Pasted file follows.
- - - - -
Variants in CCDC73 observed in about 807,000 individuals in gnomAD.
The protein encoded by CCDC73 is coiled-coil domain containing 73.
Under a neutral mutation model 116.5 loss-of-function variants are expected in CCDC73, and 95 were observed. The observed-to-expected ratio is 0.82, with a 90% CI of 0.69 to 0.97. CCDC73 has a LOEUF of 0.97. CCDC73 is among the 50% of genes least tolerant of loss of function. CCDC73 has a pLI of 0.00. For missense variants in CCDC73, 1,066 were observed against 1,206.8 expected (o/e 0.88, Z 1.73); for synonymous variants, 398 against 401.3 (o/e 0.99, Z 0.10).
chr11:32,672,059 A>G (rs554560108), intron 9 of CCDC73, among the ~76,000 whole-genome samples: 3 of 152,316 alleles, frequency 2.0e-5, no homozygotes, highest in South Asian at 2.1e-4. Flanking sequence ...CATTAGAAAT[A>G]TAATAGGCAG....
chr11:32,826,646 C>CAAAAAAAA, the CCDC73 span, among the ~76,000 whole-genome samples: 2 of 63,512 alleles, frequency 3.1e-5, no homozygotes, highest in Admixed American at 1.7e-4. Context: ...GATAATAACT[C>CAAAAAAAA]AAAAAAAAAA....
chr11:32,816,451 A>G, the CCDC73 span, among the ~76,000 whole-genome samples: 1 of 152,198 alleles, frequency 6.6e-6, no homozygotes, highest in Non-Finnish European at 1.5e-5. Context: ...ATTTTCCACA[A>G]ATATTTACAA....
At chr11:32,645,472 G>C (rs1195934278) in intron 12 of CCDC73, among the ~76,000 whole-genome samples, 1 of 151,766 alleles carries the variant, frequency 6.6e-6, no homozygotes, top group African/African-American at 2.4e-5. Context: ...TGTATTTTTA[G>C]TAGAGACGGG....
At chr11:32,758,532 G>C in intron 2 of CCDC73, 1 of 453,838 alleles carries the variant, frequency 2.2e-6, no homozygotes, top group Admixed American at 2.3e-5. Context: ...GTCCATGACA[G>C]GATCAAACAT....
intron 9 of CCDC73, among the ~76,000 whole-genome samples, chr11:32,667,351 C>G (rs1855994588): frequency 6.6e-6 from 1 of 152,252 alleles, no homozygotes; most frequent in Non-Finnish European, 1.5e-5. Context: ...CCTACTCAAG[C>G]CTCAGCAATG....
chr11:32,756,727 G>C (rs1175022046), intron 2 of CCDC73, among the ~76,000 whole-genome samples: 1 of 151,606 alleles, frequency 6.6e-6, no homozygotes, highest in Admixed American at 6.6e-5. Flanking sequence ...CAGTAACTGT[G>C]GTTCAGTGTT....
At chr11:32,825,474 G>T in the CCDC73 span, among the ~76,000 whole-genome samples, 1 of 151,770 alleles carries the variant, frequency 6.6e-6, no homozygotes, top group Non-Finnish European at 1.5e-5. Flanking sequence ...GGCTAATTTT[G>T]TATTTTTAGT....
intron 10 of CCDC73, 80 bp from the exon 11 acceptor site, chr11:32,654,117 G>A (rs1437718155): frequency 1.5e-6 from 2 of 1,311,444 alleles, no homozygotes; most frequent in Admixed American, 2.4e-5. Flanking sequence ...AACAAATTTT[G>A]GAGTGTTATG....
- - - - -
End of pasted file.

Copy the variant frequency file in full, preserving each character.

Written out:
Variants in CCDC73 observed in about 807,000 individuals in gnomAD.
The protein encoded by CCDC73 is coiled-coil domain containing 73.
Under a neutral mutation model 116.5 loss-of-function variants are expected in CCDC73, and 95 were observed. The observed-to-expected ratio is 0.82, with a 90% CI of 0.69 to 0.97. CCDC73 has a LOEUF of 0.97. CCDC73 is among the 50% of genes least tolerant of loss of function. CCDC73 has a pLI of 0.00. For missense variants in CCDC73, 1,066 were observed against 1,206.8 expected (o/e 0.88, Z 1.73); for synonymous variants, 398 against 401.3 (o/e 0.99, Z 0.10).
chr11:32,672,059 A>G (rs554560108), intron 9 of CCDC73, among the ~76,000 whole-genome samples: 3 of 152,316 alleles, frequency 2.0e-5, no homozygotes, highest in South Asian at 2.1e-4. Flanking sequence ...CATTAGAAAT[A>G]TAATAGGCAG....
chr11:32,826,646 C>CAAAAAAAA, the CCDC73 span, among the ~76,000 whole-genome samples: 2 of 63,512 alleles, frequency 3.1e-5, no homozygotes, highest in Admixed American at 1.7e-4. Context: ...GATAATAACT[C>CAAAAAAAA]AAAAAAAAAA....
chr11:32,816,451 A>G, the CCDC73 span, among the ~76,000 whole-genome samples: 1 of 152,198 alleles, frequency 6.6e-6, no homozygotes, highest in Non-Finnish European at 1.5e-5. Context: ...ATTTTCCACA[A>G]ATATTTACAA....
At chr11:32,645,472 G>C (rs1195934278) in intron 12 of CCDC73, among the ~76,000 whole-genome samples, 1 of 151,766 alleles carries the variant, frequency 6.6e-6, no homozygotes, top group African/African-American at 2.4e-5. Context: ...TGTATTTTTA[G>C]TAGAGACGGG....
At chr11:32,758,532 G>C in intron 2 of CCDC73, 1 of 453,838 alleles carries the variant, frequency 2.2e-6, no homozygotes, top group Admixed American at 2.3e-5. Context: ...GTCCATGACA[G>C]GATCAAACAT....
intron 9 of CCDC73, among the ~76,000 whole-genome samples, chr11:32,667,351 C>G (rs1855994588): frequency 6.6e-6 from 1 of 152,252 alleles, no homozygotes; most frequent in Non-Finnish European, 1.5e-5. Context: ...CCTACTCAAG[C>G]CTCAGCAATG....
chr11:32,756,727 G>C (rs1175022046), intron 2 of CCDC73, among the ~76,000 whole-genome samples: 1 of 151,606 alleles, frequency 6.6e-6, no homozygotes, highest in Admixed American at 6.6e-5. Flanking sequence ...CAGTAACTGT[G>C]GTTCAGTGTT....
At chr11:32,825,474 G>T in the CCDC73 span, among the ~76,000 whole-genome samples, 1 of 151,770 alleles carries the variant, frequency 6.6e-6, no homozygotes, top group Non-Finnish European at 1.5e-5. Flanking sequence ...GGCTAATTTT[G>T]TATTTTTAGT....
intron 10 of CCDC73, 80 bp from the exon 11 acceptor site, chr11:32,654,117 G>A (rs1437718155): frequency 1.5e-6 from 2 of 1,311,444 alleles, no homozygotes; most frequent in Admixed American, 2.4e-5. Flanking sequence ...AACAAATTTT[G>A]GAGTGTTATG....